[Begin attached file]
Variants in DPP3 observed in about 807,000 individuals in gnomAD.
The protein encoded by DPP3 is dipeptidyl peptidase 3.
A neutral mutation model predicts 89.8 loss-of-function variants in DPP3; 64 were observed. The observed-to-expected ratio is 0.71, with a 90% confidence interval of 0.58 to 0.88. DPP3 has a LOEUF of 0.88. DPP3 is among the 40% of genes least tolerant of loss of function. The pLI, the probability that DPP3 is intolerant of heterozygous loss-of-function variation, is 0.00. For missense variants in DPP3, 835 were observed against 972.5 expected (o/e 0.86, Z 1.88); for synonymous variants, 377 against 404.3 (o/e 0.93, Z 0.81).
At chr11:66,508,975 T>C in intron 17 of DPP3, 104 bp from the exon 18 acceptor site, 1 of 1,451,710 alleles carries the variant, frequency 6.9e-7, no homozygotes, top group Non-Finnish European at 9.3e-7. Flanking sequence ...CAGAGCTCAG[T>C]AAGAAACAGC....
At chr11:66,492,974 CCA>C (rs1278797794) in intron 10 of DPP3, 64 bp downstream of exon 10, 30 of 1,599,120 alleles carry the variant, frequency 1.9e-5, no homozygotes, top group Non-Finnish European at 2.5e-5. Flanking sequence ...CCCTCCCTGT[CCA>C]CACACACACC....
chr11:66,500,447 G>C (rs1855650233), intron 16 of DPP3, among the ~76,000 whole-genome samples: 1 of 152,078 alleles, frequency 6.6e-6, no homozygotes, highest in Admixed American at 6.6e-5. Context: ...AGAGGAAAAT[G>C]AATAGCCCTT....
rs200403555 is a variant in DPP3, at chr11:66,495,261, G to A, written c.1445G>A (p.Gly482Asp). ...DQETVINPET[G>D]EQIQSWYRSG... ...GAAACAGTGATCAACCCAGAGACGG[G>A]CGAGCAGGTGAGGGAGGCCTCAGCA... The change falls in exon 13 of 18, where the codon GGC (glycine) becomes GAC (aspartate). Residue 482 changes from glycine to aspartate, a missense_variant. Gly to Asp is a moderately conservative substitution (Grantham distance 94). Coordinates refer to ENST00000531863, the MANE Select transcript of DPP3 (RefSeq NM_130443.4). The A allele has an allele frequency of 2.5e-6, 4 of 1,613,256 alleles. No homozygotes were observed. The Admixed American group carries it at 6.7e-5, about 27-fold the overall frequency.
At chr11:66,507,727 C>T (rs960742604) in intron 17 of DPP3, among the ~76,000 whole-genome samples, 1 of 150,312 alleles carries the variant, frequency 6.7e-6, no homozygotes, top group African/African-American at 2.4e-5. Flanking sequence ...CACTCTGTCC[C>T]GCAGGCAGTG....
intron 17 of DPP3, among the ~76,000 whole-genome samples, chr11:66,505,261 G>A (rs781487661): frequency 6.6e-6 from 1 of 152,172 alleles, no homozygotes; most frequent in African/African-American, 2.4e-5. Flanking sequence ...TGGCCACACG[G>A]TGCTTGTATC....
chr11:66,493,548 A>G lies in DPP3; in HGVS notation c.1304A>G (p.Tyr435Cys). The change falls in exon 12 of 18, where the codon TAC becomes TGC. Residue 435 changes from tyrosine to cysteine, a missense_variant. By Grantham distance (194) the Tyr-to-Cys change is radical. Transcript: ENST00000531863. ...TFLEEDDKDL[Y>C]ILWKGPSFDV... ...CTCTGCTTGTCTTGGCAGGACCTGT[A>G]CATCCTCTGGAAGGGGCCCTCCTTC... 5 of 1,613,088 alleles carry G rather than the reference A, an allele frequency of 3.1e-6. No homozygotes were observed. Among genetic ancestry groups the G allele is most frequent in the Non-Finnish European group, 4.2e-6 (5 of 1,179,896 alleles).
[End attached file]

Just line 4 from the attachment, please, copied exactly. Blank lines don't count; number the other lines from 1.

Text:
At chr11:66,508,975 T>C in intron 17 of DPP3, 104 bp from the exon 18 acceptor site, 1 of 1,451,710 alleles carries the variant, frequency 6.9e-7, no homozygotes, top group Non-Finnish European at 9.3e-7. Flanking sequence ...CAGAGCTCAG[T>C]AAGAAACAGC....